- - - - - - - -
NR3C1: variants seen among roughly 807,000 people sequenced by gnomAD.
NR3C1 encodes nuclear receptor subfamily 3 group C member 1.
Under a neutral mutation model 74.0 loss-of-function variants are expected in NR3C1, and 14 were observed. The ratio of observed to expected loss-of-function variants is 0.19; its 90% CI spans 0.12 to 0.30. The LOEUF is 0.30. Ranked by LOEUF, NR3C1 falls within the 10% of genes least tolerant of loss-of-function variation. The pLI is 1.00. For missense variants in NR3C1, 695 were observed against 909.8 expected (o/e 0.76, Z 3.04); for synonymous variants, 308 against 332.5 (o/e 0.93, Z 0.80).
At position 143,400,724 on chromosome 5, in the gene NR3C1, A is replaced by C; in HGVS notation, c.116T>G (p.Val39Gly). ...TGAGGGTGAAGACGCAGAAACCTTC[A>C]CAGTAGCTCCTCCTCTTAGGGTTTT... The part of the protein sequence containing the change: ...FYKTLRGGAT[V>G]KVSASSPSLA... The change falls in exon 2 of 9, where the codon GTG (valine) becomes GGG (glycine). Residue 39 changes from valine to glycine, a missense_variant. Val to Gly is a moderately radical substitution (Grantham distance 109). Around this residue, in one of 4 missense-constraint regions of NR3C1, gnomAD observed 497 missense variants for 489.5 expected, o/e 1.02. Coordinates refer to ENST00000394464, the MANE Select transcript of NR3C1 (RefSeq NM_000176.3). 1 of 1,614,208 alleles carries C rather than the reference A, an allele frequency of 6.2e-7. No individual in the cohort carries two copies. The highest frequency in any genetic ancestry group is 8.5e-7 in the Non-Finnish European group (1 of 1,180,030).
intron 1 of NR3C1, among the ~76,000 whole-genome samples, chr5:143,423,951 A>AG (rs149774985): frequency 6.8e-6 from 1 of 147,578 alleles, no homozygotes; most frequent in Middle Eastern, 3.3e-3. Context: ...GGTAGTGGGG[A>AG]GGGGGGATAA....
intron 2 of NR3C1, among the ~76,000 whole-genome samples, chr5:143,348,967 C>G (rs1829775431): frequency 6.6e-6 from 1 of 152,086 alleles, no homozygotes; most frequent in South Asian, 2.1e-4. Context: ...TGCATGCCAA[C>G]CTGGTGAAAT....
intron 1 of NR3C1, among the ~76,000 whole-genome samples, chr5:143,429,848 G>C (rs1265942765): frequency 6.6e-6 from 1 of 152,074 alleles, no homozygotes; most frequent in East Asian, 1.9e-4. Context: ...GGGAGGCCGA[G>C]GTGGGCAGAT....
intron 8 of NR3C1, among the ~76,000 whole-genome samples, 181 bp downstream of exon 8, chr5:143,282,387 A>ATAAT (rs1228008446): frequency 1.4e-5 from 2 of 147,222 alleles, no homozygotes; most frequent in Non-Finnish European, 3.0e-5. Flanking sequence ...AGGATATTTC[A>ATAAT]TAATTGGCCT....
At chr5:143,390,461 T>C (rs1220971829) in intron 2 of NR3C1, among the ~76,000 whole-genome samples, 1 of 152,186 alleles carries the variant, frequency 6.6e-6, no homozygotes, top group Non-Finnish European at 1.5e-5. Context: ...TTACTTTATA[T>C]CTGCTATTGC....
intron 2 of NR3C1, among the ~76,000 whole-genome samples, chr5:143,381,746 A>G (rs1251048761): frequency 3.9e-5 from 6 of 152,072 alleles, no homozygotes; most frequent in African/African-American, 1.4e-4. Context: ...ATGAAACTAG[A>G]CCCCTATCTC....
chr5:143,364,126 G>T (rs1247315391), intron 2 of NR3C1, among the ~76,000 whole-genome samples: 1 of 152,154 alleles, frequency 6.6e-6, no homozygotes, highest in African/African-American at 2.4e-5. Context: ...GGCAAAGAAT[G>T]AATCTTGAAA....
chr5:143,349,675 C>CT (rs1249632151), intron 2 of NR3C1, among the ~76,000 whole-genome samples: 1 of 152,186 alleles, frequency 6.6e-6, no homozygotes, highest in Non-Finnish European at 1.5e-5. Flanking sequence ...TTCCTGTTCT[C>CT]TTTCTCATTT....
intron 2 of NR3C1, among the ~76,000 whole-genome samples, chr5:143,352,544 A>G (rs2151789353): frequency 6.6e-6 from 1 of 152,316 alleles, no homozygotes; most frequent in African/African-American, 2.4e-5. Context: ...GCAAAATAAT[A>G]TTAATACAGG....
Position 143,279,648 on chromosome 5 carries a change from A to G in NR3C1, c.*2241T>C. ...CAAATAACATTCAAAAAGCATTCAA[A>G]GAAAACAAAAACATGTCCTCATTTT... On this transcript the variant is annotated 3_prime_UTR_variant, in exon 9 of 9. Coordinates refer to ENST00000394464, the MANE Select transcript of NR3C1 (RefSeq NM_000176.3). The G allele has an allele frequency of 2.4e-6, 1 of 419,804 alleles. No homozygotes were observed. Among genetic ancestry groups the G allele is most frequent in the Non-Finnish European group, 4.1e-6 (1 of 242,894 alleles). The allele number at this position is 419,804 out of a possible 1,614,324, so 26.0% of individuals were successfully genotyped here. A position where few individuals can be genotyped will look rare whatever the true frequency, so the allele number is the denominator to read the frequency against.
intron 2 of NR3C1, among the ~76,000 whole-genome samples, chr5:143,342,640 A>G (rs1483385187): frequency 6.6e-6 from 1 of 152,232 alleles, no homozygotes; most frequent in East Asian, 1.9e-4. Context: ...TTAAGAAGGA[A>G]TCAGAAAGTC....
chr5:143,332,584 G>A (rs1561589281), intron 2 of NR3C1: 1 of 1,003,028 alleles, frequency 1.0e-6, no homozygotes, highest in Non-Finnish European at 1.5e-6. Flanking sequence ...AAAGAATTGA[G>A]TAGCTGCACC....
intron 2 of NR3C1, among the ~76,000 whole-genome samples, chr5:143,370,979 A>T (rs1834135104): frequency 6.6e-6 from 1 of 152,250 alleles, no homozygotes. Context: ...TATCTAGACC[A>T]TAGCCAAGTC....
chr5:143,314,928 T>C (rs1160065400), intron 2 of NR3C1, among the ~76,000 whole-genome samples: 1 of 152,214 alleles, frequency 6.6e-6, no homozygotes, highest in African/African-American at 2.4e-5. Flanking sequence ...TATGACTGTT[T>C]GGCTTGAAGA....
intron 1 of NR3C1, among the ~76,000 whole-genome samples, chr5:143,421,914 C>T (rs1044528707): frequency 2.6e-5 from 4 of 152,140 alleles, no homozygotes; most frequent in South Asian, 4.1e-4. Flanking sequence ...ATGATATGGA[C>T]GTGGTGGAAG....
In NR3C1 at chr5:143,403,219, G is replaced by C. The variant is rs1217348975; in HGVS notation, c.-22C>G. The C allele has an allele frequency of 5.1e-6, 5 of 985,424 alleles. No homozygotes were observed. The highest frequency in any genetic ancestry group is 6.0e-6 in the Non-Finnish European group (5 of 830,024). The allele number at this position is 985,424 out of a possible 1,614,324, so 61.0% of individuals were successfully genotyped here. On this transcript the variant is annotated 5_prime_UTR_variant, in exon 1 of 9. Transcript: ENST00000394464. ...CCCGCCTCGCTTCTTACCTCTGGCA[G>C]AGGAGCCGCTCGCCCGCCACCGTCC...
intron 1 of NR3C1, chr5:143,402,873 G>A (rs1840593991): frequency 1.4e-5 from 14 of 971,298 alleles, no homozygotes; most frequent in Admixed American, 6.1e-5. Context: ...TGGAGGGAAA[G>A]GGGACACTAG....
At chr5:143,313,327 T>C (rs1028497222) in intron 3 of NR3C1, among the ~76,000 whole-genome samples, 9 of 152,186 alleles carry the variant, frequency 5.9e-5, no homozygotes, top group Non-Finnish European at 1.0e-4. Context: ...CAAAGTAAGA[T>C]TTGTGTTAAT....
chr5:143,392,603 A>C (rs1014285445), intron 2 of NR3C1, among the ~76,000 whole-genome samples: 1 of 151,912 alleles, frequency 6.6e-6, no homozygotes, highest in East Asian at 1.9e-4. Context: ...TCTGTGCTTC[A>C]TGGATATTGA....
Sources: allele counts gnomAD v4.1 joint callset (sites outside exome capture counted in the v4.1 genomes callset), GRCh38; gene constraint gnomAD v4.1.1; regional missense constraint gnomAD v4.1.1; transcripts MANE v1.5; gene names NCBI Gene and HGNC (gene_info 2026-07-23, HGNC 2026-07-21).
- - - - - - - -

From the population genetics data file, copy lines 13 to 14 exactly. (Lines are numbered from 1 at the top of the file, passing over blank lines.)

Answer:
intron 2 of NR3C1, among the ~76,000 whole-genome samples, chr5:143,352,544 A>G (rs2151789353): frequency 6.6e-6 from 1 of 152,316 alleles, no homozygotes; most frequent in African/African-American, 2.4e-5. Context: ...GCAAAATAAT[A>G]TTAATACAGG....
Position 143,279,648 on chromosome 5 carries a change from A to G in NR3C1, c.*2241T>C. ...CAAATAACATTCAAAAAGCATTCAA[A>G]GAAAACAAAAACATGTCCTCATTTT... On this transcript the variant is annotated 3_prime_UTR_variant, in exon 9 of 9. Coordinates refer to ENST00000394464, the MANE Select transcript of NR3C1 (RefSeq NM_000176.3). The G allele has an allele frequency of 2.4e-6, 1 of 419,804 alleles. No homozygotes were observed. Among genetic ancestry groups the G allele is most frequent in the Non-Finnish European group, 4.1e-6 (1 of 242,894 alleles). The allele number at this position is 419,804 out of a possible 1,614,324, so 26.0% of individuals were successfully genotyped here. A position where few individuals can be genotyped will look rare whatever the true frequency, so the allele number is the denominator to read the frequency against.